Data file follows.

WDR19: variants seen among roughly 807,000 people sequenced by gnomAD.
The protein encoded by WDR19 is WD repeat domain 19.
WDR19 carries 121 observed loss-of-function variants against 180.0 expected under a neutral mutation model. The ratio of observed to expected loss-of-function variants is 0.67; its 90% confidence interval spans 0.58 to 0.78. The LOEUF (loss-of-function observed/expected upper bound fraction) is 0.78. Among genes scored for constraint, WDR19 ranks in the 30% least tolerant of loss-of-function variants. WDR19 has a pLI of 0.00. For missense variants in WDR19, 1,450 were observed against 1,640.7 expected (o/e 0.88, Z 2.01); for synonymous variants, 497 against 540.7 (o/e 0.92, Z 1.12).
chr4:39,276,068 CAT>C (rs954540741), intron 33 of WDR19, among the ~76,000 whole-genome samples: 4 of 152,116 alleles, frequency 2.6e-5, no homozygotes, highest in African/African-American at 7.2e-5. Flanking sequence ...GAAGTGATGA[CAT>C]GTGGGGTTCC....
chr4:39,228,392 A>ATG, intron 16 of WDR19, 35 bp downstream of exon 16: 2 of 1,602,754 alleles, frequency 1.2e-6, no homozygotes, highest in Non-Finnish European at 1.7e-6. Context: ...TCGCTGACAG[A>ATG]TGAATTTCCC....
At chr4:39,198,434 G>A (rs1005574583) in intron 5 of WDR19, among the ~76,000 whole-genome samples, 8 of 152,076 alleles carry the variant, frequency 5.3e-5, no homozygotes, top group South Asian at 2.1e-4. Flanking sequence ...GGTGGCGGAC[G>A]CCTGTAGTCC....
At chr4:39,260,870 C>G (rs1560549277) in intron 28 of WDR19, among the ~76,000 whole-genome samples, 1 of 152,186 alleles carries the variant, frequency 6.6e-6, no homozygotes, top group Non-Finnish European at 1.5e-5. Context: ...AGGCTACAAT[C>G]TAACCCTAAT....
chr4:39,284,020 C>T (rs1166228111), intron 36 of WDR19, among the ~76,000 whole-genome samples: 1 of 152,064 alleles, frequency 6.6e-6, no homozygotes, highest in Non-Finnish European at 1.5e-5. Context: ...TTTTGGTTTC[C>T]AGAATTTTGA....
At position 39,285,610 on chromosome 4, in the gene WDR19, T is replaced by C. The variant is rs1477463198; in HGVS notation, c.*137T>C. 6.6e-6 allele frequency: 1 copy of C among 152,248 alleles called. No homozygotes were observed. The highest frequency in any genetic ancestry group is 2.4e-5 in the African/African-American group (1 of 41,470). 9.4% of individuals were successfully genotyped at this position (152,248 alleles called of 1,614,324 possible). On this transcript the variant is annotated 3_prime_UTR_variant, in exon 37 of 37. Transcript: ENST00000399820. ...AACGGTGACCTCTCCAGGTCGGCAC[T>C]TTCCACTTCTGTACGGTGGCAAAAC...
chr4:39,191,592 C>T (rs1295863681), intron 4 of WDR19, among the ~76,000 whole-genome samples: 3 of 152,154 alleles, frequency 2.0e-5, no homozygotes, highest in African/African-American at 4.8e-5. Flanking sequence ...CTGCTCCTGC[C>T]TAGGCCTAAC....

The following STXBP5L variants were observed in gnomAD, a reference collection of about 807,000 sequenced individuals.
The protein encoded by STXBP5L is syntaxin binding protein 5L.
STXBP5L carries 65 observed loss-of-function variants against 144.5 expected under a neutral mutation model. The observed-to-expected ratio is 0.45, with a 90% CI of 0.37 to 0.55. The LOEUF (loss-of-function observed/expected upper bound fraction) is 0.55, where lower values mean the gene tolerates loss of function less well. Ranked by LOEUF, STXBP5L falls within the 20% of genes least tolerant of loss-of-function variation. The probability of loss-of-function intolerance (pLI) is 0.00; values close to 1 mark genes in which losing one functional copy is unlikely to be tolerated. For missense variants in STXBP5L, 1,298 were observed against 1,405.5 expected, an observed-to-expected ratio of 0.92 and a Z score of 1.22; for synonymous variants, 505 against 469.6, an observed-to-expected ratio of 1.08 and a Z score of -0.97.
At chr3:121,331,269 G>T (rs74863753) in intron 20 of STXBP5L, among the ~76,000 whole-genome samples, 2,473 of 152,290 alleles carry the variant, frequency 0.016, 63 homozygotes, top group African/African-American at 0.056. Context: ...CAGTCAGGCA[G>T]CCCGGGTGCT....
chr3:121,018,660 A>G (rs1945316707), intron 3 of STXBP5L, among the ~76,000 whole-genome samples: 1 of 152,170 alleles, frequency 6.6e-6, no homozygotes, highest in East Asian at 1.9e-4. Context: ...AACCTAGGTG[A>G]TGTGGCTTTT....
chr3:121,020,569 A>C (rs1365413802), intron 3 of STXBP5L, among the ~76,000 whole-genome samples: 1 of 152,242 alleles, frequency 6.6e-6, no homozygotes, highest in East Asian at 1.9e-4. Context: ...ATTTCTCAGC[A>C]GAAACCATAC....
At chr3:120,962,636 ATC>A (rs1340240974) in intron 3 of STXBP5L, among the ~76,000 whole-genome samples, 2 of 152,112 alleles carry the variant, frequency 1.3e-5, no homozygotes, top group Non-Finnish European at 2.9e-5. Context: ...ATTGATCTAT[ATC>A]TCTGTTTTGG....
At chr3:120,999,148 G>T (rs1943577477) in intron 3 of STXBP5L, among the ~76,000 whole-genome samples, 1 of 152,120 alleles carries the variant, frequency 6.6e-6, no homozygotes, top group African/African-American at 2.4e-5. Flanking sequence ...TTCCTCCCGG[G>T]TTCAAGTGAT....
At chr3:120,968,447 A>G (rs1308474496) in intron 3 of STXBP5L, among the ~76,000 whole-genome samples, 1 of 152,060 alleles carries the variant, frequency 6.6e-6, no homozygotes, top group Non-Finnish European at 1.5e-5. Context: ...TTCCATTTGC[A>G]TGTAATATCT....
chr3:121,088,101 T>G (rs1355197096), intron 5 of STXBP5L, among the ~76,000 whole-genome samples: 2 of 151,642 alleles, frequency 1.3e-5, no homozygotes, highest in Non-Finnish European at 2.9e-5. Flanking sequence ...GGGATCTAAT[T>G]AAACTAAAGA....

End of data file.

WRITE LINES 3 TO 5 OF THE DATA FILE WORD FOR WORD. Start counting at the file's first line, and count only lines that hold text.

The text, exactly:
WDR19 carries 121 observed loss-of-function variants against 180.0 expected under a neutral mutation model. The ratio of observed to expected loss-of-function variants is 0.67; its 90% confidence interval spans 0.58 to 0.78. The LOEUF (loss-of-function observed/expected upper bound fraction) is 0.78. Among genes scored for constraint, WDR19 ranks in the 30% least tolerant of loss-of-function variants. WDR19 has a pLI of 0.00. For missense variants in WDR19, 1,450 were observed against 1,640.7 expected (o/e 0.88, Z 2.01); for synonymous variants, 497 against 540.7 (o/e 0.92, Z 1.12).
chr4:39,276,068 CAT>C (rs954540741), intron 33 of WDR19, among the ~76,000 whole-genome samples: 4 of 152,116 alleles, frequency 2.6e-5, no homozygotes, highest in African/African-American at 7.2e-5. Flanking sequence ...GAAGTGATGA[CAT>C]GTGGGGTTCC....
chr4:39,228,392 A>ATG, intron 16 of WDR19, 35 bp downstream of exon 16: 2 of 1,602,754 alleles, frequency 1.2e-6, no homozygotes, highest in Non-Finnish European at 1.7e-6. Context: ...TCGCTGACAG[A>ATG]TGAATTTCCC....